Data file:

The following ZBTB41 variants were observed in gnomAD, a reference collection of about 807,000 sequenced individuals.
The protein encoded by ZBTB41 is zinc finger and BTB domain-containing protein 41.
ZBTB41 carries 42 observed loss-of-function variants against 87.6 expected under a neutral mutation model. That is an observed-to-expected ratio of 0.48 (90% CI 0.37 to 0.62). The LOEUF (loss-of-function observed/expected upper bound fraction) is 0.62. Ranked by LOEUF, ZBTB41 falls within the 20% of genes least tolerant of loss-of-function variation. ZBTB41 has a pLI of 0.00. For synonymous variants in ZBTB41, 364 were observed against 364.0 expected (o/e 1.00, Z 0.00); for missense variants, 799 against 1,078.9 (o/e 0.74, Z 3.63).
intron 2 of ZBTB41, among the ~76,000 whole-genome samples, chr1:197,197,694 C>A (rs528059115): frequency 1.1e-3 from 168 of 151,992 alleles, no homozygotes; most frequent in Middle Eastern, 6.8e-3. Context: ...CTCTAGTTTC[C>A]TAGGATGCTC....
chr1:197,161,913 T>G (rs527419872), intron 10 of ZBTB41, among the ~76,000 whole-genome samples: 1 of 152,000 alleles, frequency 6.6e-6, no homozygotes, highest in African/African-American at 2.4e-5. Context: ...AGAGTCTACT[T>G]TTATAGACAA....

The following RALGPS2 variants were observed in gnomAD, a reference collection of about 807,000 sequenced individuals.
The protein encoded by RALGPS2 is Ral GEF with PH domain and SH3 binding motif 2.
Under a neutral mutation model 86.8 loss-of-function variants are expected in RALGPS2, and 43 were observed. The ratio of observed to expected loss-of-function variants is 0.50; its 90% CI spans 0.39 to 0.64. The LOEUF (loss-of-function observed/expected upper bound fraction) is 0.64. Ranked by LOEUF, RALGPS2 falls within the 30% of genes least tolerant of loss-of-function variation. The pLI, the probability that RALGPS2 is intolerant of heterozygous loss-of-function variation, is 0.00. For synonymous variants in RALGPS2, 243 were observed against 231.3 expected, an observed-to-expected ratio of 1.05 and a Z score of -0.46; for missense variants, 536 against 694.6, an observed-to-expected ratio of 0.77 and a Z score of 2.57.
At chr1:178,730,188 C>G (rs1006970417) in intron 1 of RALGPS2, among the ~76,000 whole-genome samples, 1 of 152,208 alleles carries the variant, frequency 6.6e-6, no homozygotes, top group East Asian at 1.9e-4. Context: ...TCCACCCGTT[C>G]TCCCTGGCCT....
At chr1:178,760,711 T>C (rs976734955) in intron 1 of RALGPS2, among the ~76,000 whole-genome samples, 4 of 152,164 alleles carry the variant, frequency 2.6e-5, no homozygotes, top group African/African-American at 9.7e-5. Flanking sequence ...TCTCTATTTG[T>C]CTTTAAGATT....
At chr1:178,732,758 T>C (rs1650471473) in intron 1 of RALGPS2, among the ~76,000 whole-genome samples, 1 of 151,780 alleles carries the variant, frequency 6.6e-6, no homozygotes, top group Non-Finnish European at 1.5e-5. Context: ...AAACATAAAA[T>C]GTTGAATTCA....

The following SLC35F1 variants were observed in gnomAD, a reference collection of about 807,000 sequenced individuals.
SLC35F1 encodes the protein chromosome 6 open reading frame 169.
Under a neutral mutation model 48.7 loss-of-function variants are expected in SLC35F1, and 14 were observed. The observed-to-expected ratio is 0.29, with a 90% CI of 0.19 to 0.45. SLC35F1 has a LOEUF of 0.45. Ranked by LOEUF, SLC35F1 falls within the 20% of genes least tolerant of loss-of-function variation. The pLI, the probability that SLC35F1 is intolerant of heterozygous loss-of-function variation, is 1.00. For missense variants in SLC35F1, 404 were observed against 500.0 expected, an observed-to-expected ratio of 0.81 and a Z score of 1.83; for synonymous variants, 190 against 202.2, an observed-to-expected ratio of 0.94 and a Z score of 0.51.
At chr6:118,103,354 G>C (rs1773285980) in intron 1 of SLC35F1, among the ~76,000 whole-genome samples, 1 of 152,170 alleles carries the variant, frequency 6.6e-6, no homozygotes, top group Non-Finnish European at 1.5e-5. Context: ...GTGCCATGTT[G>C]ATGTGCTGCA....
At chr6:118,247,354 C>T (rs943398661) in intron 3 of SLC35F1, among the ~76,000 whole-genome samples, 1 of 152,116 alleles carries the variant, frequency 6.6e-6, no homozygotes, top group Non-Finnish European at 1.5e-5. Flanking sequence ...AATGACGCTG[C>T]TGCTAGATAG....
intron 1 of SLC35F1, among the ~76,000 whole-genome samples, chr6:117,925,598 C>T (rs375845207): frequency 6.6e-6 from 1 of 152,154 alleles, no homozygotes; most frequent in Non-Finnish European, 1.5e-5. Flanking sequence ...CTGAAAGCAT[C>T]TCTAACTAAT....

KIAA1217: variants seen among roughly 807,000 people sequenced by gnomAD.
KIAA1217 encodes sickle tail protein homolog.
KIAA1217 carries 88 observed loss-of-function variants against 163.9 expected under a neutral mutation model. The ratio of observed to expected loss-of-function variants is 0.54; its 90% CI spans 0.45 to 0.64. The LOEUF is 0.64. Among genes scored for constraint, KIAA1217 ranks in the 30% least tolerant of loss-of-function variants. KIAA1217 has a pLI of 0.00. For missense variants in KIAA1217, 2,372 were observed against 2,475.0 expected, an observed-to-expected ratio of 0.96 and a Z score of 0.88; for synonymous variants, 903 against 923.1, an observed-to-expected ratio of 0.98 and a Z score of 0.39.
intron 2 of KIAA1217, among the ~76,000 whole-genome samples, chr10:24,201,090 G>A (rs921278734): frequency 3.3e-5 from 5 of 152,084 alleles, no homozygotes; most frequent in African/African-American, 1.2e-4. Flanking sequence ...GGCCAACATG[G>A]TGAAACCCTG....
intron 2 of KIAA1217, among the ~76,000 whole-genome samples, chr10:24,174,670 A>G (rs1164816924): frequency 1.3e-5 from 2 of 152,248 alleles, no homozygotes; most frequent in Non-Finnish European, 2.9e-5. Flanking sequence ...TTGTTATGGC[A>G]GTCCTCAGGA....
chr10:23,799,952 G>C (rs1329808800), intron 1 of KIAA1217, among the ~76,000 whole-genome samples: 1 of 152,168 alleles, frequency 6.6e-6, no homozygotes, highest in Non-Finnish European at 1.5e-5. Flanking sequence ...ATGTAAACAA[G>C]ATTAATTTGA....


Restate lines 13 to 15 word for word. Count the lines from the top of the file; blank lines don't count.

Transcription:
SLC35F1 encodes the protein chromosome 6 open reading frame 169.
Under a neutral mutation model 48.7 loss-of-function variants are expected in SLC35F1, and 14 were observed. The observed-to-expected ratio is 0.29, with a 90% CI of 0.19 to 0.45. SLC35F1 has a LOEUF of 0.45. Ranked by LOEUF, SLC35F1 falls within the 20% of genes least tolerant of loss-of-function variation. The pLI, the probability that SLC35F1 is intolerant of heterozygous loss-of-function variation, is 1.00. For missense variants in SLC35F1, 404 were observed against 500.0 expected, an observed-to-expected ratio of 0.81 and a Z score of 1.83; for synonymous variants, 190 against 202.2, an observed-to-expected ratio of 0.94 and a Z score of 0.51.
At chr6:118,103,354 G>C (rs1773285980) in intron 1 of SLC35F1, among the ~76,000 whole-genome samples, 1 of 152,170 alleles carries the variant, frequency 6.6e-6, no homozygotes, top group Non-Finnish European at 1.5e-5. Context: ...GTGCCATGTT[G>C]ATGTGCTGCA....